Hey, everyone! Can you believe it’s almost Friday? And almost time for the 2012 London Olympics!
Yesterday evening at the CNY Triathlon Club training series was a big night—I completed my first (unofficial) sprint triathlon!
CNY Triathlon Club Wednesday Night Training
I still can’t believe I finished a sprint tri! I had a ton of fun, and completing the swim-bike-run progression also served as a valuable learning experience. Here’s the breakdown of how the evening progressed:
Nutrition and transition set-up: Before I left for Jamesville Beach, I encountered a normal triathlon snag—both of my tires needed air, badly. (I later found out there were 20 lbs. of pressure, when 90-125 is ideal.) At the time, I didn’t own a bike pump—I went to Syracuse Bicycle today to pick one up—so I made sure to arrive at the training location with plenty of time to set up and track down a friendly person who brought one. I met Tim, who placed his bike and transition equipment near me, and he talked me through the process of pumping tires. From this five-minute demo, I learned a ton: where on the tires to locate how many pounds of air are ideal, how to work a pump, which kind of pump is ideal, and how often to put air in tires. Thanks a bunch, Tim!
With plenty of air in my tires, I slugged a GU energy gel at 5:45 p.m., about 15 minutes before training officially began. I’ve never noticed this before—maybe I did last night because I was slamming a gel—but I saw the majority of athletes fueling up. Lots of people were taking gels or shot blocks, but there were a few bars and sports beans in the mix.
Swim: Recently, I’ve had trouble with my goggles fogging up, so I did some research online, and most sites recommend either licking and/or spitting in goggles or applying baby shampoo inside the lenses. After submerging my goggles in the lake, I hocked a lugie—sorry, gross, I know—took aim, and fired one in each lens. However, my goggles still fogged up during the swim; maybe I’ll try baby shampoo next time. How do you keep your goggles from fogging up?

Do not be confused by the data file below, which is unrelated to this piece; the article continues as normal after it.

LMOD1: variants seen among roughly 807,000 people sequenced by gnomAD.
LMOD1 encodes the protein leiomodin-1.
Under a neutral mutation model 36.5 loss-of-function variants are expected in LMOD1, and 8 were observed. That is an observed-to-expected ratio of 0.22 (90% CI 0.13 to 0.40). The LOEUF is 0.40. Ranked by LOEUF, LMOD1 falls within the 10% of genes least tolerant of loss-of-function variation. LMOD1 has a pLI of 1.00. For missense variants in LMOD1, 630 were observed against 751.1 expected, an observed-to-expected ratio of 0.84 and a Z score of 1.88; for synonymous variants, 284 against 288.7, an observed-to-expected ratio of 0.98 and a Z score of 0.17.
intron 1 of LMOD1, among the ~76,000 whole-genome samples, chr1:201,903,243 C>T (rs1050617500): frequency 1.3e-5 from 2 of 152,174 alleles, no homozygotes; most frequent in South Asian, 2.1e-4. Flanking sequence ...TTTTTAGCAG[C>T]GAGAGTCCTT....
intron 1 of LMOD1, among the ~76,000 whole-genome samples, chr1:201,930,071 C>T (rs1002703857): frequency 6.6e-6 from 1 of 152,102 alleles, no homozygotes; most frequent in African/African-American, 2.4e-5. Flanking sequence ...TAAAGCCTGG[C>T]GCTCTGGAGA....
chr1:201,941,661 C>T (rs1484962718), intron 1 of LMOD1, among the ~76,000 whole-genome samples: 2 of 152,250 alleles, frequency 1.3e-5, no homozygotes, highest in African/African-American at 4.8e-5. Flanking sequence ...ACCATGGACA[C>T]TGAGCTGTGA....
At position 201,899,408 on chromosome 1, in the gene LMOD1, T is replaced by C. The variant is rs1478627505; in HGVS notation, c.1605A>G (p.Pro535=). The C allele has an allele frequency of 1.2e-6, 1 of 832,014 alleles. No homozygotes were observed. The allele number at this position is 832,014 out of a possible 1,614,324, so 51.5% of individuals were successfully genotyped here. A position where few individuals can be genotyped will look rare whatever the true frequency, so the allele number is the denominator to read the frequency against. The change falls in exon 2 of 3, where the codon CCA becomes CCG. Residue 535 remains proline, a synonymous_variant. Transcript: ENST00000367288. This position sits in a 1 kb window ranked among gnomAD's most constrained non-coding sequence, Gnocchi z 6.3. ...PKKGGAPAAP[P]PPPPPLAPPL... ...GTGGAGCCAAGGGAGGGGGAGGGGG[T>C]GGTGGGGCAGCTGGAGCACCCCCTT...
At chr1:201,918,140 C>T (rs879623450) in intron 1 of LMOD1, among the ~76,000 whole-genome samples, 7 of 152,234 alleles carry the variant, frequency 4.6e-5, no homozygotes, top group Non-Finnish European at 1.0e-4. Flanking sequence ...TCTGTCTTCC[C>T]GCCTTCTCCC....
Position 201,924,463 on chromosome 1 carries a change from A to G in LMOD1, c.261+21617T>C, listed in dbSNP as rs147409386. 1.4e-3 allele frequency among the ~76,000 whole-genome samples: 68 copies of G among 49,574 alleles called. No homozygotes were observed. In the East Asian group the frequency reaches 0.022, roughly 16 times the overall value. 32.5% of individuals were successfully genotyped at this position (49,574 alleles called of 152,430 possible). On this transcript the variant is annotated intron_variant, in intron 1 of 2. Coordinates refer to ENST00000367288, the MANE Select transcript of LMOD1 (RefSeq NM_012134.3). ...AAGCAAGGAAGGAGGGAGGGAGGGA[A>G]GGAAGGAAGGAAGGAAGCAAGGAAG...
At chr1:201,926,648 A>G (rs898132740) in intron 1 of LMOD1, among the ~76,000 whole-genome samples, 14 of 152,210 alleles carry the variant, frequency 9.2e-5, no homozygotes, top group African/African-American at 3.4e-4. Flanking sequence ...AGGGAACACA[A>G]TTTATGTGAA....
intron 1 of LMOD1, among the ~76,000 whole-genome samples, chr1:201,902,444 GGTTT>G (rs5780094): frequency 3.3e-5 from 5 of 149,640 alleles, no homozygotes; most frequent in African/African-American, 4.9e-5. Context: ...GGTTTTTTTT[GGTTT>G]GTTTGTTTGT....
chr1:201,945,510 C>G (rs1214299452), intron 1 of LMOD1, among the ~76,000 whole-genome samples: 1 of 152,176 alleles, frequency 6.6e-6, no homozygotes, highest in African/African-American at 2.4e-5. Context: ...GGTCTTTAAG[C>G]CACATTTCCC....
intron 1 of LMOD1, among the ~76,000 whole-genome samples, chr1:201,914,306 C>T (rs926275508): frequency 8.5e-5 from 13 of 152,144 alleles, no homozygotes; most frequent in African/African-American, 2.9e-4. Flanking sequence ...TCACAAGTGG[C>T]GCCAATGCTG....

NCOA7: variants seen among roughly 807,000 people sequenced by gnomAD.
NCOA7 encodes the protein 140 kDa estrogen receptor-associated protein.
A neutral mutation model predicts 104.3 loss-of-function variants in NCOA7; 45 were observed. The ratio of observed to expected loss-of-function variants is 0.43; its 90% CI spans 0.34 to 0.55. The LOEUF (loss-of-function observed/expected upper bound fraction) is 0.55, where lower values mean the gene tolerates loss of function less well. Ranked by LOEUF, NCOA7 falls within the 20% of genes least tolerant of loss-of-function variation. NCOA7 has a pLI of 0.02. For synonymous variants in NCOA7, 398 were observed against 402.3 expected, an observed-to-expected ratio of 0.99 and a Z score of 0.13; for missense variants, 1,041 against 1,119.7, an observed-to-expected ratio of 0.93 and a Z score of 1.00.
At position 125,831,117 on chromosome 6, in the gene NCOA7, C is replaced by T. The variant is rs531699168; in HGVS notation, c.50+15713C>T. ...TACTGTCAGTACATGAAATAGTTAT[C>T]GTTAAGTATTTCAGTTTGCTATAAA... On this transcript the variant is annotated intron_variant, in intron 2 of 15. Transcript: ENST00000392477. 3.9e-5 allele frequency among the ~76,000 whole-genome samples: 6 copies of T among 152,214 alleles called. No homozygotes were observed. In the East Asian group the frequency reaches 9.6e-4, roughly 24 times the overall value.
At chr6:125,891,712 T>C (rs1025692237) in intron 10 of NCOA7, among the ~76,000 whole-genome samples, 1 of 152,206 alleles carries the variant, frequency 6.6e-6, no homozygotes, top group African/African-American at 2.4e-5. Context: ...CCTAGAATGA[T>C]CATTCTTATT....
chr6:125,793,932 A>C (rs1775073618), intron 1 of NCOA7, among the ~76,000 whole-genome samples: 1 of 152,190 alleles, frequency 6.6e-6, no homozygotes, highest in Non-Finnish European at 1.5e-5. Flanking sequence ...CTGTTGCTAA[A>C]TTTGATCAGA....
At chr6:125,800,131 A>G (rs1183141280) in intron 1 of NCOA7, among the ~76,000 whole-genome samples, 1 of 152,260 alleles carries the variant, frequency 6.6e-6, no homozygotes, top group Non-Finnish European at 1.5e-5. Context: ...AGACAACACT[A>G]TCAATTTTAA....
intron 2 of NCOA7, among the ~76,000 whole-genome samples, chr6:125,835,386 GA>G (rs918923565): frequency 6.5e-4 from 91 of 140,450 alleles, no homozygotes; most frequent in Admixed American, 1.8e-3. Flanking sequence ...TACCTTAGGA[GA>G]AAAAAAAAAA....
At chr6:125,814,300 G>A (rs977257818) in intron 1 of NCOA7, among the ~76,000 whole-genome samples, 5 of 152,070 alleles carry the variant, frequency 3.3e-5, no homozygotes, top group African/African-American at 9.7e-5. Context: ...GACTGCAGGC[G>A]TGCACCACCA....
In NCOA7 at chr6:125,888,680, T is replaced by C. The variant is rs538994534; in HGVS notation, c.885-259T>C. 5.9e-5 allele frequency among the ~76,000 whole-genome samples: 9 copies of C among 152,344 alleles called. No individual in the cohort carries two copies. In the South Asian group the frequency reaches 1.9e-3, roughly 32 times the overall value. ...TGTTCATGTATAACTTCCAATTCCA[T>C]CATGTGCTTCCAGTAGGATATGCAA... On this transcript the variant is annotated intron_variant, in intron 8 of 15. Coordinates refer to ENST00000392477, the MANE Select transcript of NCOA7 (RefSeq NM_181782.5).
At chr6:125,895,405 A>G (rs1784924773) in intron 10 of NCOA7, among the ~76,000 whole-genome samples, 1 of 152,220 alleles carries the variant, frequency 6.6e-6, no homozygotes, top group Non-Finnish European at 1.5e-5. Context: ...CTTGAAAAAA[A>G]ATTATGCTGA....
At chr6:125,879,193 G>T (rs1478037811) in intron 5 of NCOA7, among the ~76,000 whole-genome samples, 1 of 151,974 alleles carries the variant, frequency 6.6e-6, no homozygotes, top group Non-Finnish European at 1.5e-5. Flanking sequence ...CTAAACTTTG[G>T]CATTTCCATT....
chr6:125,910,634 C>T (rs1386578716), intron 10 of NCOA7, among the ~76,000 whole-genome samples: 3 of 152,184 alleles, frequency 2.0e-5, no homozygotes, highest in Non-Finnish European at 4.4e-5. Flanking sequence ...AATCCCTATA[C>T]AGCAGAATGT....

Other than the foggy goggle issue, the swim went OK. The water temperature read 81 degrees Fahrenheit, so like last week, we couldn’t wear wetsuits if we wanted to swim multiple laps, so I went without one. I ended up going in the second wave—there were three sections last night—and I settled into a rhythm fairly easily. I practiced sighting, and I even tried drafting—or staying behind another swimmer, which helps you use less energy—but it didn’t work that well. During my handful of attempts, I had to slow down tremendously to prevent myself from hitting their feet. (I actually had to switch to the breaststroke.) The process felt frustrating, so I eventually ended up passing all four swimmers I tried to draft off of. I’m thinking drafting resembles sighting in the sense it’s a skill you need to practice in order for it to feel natural. As usual, I alternated between the front crawl and breaststroke, and overall, I know I could’ve definitely challenged myself more.
As the Fleet Feet Triathlon coaches suggested during their OWS clinic, I swam until the last possible second and exited the water running while simultaneously removing my cap and goggles. The jello-leg feeling brought on by swimming and running still feels weird, but I’m getting used to it.